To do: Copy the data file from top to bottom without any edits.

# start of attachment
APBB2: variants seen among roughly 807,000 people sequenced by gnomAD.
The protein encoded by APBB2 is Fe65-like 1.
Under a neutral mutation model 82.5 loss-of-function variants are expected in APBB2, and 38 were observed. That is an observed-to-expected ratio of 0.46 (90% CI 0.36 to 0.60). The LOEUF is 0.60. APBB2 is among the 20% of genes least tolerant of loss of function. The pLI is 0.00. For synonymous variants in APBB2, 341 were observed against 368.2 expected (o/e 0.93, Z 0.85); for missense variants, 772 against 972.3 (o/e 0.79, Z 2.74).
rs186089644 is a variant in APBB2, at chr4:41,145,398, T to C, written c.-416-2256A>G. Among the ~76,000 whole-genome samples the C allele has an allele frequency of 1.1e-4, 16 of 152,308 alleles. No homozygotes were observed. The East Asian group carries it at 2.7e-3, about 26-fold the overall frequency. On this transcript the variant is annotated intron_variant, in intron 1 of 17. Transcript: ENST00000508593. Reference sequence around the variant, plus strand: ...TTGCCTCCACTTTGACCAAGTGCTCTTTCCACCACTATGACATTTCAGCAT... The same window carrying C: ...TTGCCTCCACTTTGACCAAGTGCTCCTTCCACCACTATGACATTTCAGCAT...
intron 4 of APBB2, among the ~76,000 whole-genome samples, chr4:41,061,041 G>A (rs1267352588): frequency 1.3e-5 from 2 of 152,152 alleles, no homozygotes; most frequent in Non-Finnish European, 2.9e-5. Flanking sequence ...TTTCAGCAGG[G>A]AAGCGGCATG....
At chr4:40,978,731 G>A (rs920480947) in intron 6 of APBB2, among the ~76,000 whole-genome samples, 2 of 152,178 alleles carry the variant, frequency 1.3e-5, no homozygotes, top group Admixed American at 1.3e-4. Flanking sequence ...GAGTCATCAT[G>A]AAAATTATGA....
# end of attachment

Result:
APBB2: variants seen among roughly 807,000 people sequenced by gnomAD.
The protein encoded by APBB2 is Fe65-like 1.
Under a neutral mutation model 82.5 loss-of-function variants are expected in APBB2, and 38 were observed. That is an observed-to-expected ratio of 0.46 (90% CI 0.36 to 0.60). The LOEUF is 0.60. APBB2 is among the 20% of genes least tolerant of loss of function. The pLI is 0.00. For synonymous variants in APBB2, 341 were observed against 368.2 expected (o/e 0.93, Z 0.85); for missense variants, 772 against 972.3 (o/e 0.79, Z 2.74).
rs186089644 is a variant in APBB2, at chr4:41,145,398, T to C, written c.-416-2256A>G. Among the ~76,000 whole-genome samples the C allele has an allele frequency of 1.1e-4, 16 of 152,308 alleles. No homozygotes were observed. The East Asian group carries it at 2.7e-3, about 26-fold the overall frequency. On this transcript the variant is annotated intron_variant, in intron 1 of 17. Transcript: ENST00000508593. Reference sequence around the variant, plus strand: ...TTGCCTCCACTTTGACCAAGTGCTCTTTCCACCACTATGACATTTCAGCAT... The same window carrying C: ...TTGCCTCCACTTTGACCAAGTGCTCCTTCCACCACTATGACATTTCAGCAT...
intron 4 of APBB2, among the ~76,000 whole-genome samples, chr4:41,061,041 G>A (rs1267352588): frequency 1.3e-5 from 2 of 152,152 alleles, no homozygotes; most frequent in Non-Finnish European, 2.9e-5. Flanking sequence ...TTTCAGCAGG[G>A]AAGCGGCATG....
At chr4:40,978,731 G>A (rs920480947) in intron 6 of APBB2, among the ~76,000 whole-genome samples, 2 of 152,178 alleles carry the variant, frequency 1.3e-5, no homozygotes, top group Admixed American at 1.3e-4. Flanking sequence ...GAGTCATCAT[G>A]AAAATTATGA....